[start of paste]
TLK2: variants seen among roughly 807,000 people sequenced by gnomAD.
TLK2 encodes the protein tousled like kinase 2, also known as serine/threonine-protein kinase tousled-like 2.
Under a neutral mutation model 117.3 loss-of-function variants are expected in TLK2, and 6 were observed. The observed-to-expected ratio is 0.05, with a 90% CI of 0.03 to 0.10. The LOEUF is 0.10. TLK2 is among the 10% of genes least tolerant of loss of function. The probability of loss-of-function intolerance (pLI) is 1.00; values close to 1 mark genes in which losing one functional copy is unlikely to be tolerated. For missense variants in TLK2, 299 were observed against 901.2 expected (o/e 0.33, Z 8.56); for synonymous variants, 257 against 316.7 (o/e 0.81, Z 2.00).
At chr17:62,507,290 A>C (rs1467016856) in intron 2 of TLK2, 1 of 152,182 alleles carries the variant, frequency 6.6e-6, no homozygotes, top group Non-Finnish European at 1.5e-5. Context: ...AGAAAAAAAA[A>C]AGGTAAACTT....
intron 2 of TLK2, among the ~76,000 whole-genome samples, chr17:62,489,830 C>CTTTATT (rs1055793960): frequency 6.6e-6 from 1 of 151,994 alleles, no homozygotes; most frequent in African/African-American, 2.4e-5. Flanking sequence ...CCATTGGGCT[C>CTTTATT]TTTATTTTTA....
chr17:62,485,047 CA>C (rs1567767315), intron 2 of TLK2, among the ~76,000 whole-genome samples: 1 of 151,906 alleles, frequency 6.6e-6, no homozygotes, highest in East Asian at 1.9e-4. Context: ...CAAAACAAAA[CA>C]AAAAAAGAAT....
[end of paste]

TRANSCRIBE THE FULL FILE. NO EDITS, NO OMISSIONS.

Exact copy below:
TLK2: variants seen among roughly 807,000 people sequenced by gnomAD.
TLK2 encodes the protein tousled like kinase 2, also known as serine/threonine-protein kinase tousled-like 2.
Under a neutral mutation model 117.3 loss-of-function variants are expected in TLK2, and 6 were observed. The observed-to-expected ratio is 0.05, with a 90% CI of 0.03 to 0.10. The LOEUF is 0.10. TLK2 is among the 10% of genes least tolerant of loss of function. The probability of loss-of-function intolerance (pLI) is 1.00; values close to 1 mark genes in which losing one functional copy is unlikely to be tolerated. For missense variants in TLK2, 299 were observed against 901.2 expected (o/e 0.33, Z 8.56); for synonymous variants, 257 against 316.7 (o/e 0.81, Z 2.00).
At chr17:62,507,290 A>C (rs1467016856) in intron 2 of TLK2, 1 of 152,182 alleles carries the variant, frequency 6.6e-6, no homozygotes, top group Non-Finnish European at 1.5e-5. Context: ...AGAAAAAAAA[A>C]AGGTAAACTT....
intron 2 of TLK2, among the ~76,000 whole-genome samples, chr17:62,489,830 C>CTTTATT (rs1055793960): frequency 6.6e-6 from 1 of 151,994 alleles, no homozygotes; most frequent in African/African-American, 2.4e-5. Flanking sequence ...CCATTGGGCT[C>CTTTATT]TTTATTTTTA....
chr17:62,485,047 CA>C (rs1567767315), intron 2 of TLK2, among the ~76,000 whole-genome samples: 1 of 151,906 alleles, frequency 6.6e-6, no homozygotes, highest in East Asian at 1.9e-4. Context: ...CAAAACAAAA[CA>C]AAAAAAGAAT....